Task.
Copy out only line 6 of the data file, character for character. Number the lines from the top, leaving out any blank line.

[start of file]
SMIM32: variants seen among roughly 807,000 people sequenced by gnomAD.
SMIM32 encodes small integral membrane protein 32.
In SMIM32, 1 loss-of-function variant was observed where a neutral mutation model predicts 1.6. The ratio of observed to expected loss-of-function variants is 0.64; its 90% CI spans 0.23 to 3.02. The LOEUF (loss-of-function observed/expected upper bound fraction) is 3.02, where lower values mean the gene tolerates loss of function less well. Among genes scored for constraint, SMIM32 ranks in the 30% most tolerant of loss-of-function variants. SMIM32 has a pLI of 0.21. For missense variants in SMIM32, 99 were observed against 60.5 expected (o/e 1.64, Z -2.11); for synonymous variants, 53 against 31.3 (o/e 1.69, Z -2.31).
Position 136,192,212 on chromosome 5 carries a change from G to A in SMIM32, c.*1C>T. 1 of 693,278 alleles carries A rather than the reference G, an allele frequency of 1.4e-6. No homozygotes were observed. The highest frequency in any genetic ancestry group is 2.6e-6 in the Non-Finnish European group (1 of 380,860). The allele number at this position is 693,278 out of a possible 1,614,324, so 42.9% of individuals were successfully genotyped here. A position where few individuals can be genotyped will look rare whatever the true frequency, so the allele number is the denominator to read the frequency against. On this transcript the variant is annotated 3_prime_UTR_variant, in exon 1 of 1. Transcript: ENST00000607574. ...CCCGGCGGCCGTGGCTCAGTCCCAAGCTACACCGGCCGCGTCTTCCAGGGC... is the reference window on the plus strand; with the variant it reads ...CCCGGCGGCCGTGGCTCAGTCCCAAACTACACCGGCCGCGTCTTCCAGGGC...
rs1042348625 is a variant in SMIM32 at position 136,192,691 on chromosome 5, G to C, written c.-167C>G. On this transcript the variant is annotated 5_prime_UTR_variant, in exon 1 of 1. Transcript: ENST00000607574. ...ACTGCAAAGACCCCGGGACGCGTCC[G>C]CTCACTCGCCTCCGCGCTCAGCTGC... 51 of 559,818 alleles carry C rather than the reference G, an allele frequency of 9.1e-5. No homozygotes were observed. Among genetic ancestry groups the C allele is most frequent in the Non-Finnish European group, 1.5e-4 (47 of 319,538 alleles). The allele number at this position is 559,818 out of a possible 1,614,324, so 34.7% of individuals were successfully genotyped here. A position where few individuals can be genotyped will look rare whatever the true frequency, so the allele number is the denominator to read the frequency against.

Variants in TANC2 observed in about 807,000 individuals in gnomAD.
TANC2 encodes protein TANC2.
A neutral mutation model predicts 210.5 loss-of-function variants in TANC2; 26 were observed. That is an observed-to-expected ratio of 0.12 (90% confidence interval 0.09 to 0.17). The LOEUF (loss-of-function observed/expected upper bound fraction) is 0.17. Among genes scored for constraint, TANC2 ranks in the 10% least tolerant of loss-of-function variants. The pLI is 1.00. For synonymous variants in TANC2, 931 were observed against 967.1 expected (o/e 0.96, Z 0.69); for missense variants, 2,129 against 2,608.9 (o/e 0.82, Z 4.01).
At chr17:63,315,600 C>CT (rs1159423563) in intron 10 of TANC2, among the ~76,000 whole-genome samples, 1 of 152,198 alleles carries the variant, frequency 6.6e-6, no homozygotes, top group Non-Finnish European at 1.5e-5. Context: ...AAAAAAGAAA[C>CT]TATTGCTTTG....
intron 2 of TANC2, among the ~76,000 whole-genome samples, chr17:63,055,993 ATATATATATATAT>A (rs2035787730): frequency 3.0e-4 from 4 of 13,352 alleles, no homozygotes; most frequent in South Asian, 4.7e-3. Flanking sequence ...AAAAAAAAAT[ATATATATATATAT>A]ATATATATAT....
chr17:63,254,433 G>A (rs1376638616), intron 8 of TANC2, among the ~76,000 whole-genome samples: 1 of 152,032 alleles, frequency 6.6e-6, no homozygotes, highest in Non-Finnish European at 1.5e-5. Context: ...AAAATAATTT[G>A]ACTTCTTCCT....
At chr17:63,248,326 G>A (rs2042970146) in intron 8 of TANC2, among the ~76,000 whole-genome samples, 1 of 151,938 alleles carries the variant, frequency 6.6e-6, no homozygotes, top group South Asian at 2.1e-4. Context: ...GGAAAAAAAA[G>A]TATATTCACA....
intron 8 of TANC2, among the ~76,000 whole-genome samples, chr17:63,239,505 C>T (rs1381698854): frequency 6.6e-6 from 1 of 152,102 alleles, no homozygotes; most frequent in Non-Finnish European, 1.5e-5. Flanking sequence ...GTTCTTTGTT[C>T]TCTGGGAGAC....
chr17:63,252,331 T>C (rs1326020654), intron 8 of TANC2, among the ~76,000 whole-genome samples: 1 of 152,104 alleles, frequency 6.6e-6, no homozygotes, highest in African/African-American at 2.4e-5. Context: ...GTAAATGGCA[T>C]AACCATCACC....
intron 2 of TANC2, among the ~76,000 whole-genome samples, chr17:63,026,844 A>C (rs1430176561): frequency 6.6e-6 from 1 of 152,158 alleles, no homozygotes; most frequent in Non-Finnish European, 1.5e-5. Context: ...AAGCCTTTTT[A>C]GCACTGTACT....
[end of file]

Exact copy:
Variants in TANC2 observed in about 807,000 individuals in gnomAD.